Cannabis is becoming more popular with consumers due to more states legalizing it and major corporations infusing it into well-known products. However, researchers from the University of Waterloo in Canada have found that many people are still uninformed when it comes to edibles.
In a recent study, the researchers found that the majority of consumers can’t identify what constitutes high or low levels of THC when reading the packaging of cannabis edibles.
“Using THC numbers to express potency of cannabis products has little or no meaning to most young Canadians,” said researcher David Hammond. “We’ve known for many years that people struggle to understand the numbers on the back of food packages and cigarette packages. Consumers seem to have equal or even more difficulty with THC numbers, which are used to indicate the potency of cannabis products.”
The goal of the study was for the researchers to gauge consumers’ understanding of cannabis edibles. To achieve that, they put a group of nearly 900 participants to the test. All of the participants were between the ages of 16 and 30, and the researchers wanted to test two primary figures: if the participants could identify how strong the product was and how many servings were in a particular package.
When the packaging included THC levels as a percentage, most of the participants couldn’t determine the potency of the product. When it came to serving size, including the number of doses included in the package was important.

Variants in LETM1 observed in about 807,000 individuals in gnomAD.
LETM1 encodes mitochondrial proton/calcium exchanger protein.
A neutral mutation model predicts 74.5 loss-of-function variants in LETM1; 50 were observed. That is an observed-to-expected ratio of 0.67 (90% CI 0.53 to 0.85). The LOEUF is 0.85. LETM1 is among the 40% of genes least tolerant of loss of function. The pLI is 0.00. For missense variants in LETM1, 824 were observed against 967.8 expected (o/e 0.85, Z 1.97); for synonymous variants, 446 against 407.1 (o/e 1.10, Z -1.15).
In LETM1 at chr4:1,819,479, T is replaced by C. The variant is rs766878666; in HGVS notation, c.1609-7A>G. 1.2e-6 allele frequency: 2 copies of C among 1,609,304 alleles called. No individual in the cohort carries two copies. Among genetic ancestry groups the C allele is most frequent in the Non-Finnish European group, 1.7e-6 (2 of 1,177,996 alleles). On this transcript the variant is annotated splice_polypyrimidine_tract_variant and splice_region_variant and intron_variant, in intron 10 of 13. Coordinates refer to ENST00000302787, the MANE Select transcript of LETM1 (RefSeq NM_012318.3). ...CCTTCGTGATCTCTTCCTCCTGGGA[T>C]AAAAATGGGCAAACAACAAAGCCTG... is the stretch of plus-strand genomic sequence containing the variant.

When the dosage was indicated, 77 percent of the participants could identify the proper serving size, compared to just six percent of participants who did the same when the labeling was more ambiguous. When percentages were omitted but packages included descriptive words or symbols -- such as using a traffic light system that signified strength by color -- over 65 percent of the participants correctly determined the potency of the product.
The researchers explained that Canadian law requires that all cannabis edibles are specifically labeled with the ingredients and the THC percentage, which typically indicates how strong the product is. However, this study proves that companies may want to rethink how they’re labeling their products, as using a more consumer-friendly approach could clear up any confusion about the strength of cannabis edibles.
“Effective THC labeling and packaging could help reduce accidental over-consumption of cannabis edibles and adverse events, which have increased in jurisdictions that have legalized recreational cannabis,” said Hammond.
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